If silo builders control the edge, the distributed future can't happen.
In December 2016, Peter Levine (peter.a16z.com) of the venture firm Andreessen Horowitz published a post with a video titled “Return to the Edge and the End of Cloud Computing” (a16z.com/2016/12/16/the-end-of-cloud-computing). In it, he outlines a pendulum swing between centralized and distributed computing that goes like this:
Mainframe/Centralized/1960-1970 ↔ Client-Server/Distributed/1980–2000
Mobile-Cloud/Centralized/2005-2020 ↔ Edge Intelligence/Distributed/2020–
He says the “total addressable market” in that next pendulum swing will include the Internet of Things, with trillions of devices, starting with today's cars and drones. He also says machine learning will be required to “decipher the nuances of the real world”.
Thanks to bandwidth and latency issues, most of this will have to happen at end points, on the edge, and not in central clouds. Important information still will flow to those clouds and get processed there for various purposes, but decisions will happen where the latency is lowest and proximity highest: at the edges. Machines will make most of the data they gather (and is gathered for them). That's because, he says, humans are bad at many decisions that machines do better, such as in driving a car. Peter has a Tesla and says “My car is a much better driver than I am.” In driving for us, machine-learning systems in our things will “optimize for agility over power”. Systems in today's fighter aircraft already do this for pilots in dogfights. They are symbiotes of a kind, operating as a kind of external nervous system for pilots, gathering data, learning and reacting in real time, yet leaving the actual piloting up to the human in the cockpit. (In dogfights, pilots also do not depend on remote and centralized clouds, but they do fly through and around the non-metaphorical kind.)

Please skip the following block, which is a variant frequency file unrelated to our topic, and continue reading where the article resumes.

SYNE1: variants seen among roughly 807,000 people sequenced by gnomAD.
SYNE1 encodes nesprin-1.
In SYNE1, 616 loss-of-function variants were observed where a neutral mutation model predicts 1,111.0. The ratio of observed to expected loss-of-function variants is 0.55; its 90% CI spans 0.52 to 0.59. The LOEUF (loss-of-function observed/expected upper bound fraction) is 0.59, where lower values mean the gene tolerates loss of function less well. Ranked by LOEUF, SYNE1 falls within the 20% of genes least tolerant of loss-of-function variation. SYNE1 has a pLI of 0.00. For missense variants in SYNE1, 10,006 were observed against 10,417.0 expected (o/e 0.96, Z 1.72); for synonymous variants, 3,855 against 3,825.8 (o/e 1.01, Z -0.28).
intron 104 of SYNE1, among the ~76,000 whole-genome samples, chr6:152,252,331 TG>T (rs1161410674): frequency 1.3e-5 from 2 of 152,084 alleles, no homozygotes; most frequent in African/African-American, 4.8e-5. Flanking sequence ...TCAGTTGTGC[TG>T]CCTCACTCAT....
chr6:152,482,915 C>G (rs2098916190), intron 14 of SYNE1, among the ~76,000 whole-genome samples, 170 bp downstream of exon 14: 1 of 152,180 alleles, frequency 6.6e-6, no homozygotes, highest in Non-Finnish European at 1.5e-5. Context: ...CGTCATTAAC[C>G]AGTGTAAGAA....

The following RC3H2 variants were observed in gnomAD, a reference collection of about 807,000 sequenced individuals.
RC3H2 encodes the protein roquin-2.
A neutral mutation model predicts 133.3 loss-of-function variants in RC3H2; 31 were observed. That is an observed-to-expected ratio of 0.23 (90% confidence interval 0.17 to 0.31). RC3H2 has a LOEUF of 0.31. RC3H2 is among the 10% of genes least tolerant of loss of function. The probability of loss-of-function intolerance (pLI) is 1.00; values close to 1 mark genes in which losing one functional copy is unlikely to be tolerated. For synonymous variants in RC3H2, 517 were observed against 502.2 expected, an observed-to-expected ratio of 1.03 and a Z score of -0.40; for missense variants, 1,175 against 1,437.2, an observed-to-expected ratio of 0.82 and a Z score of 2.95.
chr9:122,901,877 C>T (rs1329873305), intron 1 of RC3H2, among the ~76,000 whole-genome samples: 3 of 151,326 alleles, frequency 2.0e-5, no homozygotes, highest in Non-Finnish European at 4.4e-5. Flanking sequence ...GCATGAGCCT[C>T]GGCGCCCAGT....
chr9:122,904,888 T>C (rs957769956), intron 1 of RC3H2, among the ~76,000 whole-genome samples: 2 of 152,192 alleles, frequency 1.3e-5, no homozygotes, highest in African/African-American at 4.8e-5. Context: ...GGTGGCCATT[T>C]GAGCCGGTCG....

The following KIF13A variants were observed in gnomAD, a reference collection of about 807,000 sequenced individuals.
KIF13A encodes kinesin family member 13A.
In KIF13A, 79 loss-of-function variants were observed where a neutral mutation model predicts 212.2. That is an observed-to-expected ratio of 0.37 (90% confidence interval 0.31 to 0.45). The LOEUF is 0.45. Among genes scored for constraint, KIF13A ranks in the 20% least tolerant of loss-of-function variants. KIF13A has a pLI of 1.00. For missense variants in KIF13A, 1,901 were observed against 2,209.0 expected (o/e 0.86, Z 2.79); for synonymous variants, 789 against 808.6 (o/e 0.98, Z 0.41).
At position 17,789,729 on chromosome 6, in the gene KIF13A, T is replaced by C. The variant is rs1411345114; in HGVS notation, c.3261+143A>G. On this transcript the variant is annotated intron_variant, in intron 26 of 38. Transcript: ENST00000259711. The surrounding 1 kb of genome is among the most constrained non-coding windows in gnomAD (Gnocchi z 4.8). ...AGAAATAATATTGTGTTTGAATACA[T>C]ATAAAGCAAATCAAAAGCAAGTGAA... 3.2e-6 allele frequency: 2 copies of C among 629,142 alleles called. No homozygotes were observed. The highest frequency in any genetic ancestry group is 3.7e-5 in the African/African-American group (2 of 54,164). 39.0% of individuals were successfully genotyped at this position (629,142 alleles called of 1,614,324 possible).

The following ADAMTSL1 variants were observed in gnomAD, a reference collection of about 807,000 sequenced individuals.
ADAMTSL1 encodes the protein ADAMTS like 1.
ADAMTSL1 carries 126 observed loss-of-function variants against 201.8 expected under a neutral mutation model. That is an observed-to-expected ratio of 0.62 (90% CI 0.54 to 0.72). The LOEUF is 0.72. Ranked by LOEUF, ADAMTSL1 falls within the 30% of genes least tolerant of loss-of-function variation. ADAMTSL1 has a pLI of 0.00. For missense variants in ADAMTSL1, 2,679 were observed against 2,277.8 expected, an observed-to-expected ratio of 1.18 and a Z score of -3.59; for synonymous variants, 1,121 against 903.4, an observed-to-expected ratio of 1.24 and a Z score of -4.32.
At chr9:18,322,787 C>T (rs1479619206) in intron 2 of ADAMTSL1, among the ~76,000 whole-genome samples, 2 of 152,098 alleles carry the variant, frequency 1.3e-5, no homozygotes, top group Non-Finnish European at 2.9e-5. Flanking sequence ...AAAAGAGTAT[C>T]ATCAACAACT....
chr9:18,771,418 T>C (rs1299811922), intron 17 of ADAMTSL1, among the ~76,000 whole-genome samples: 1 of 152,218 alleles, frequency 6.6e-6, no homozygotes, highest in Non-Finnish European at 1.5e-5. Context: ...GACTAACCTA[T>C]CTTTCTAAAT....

The learning curve for these systems consists of three verbs operating in recursive loops. The verbs are sense, infer and act. Here's how those sort out.
Data will enter these loops from sensors all over the place—cameras, depth sensors, radar, accelerometers. Already, he says, “a self-driving car generates about ten gigabytes of data per mile”, and “a Lytro (https://www.lytro.com) camera—a data center in a camera—generates 300 gigabytes of data per second.” Soon running shoes will have sensors with machine-learning algorithms, he adds, and they will be truly smart, so they can tell you, for example, how well you are doing or ought to do.
The data from our smart things will be mostly unstructured, requiring more machine learning to extract relevance, do task-specific recognition, train for “deep learning”, and to increase accuracy and automate what needs to be automated. (This will leave the human stuff up to the human—again like the fighter pilot doing what only he or she can do.)
As IoT devices become more sophisticated, we'll have more data accumulations and processing decisions, and in many (or most) cases, machines will make ever-more-educated choices about what to do. Again, people will get to do what people do best. And, they'll do it based on better input from the educated things that also do what machines do best on their own.
Meanwhile, the old centralized cloud will become what he calls a “training center”. Since machine learning needs lots of data in order to learn, and the most relevant data comes from many places, it only makes sense for the cloud to store the important stuff, learn from everything everywhere, and push relevant learnings back out to the edge. Think of what happens (or ought to happen) when millions of cars, shoes, skis, toasters and sunglasses send edge-curated data back to clouds for deep learning, and the best and most relevant of that learning gets pushed back out to the machines and humans at the edge. Everything gets smarter—presumably.
Sensors will proliferate and produce huge volumes of geo-spacial data.
Existing infrastructure will back-haul relevant data while most computing happens at edges, with on-site machine learning as well.
We will return to peer-to-peer networks, where edge devices lessen the load on core networks and share data locally.
We will have less code and more math, or “data-centric computing”—not just the logical kind.
The next generation of programmers won't be doing just logic: IF, THEN, ELSE and the rest.
We'll have more mathematicians, at least in terms of talent required.
Also expect new programming languages addressing edge use cases.
The processing power of the edge will increase while prices decrease, which happens with every generation of technology.
Trillions of devices in the supply chain will commoditize processing power and sensors. The first LIDAR for a Google car was $7,000. The new ones are $500. They'll come down to 50 cents.
The entire world becomes the domain of IT. “Who will run the fleet of drones to inspect houses?” When we have remote surgery using robots, we also will need allied forms of human expertise, just to keep the whole thing running.
We'll have “consumer-oriented applications with enterprise manageability.”
His conclusion: “There's a big disruption on the horizon. It's going to impact networking, storage, compute, programming languages and, of course, management.”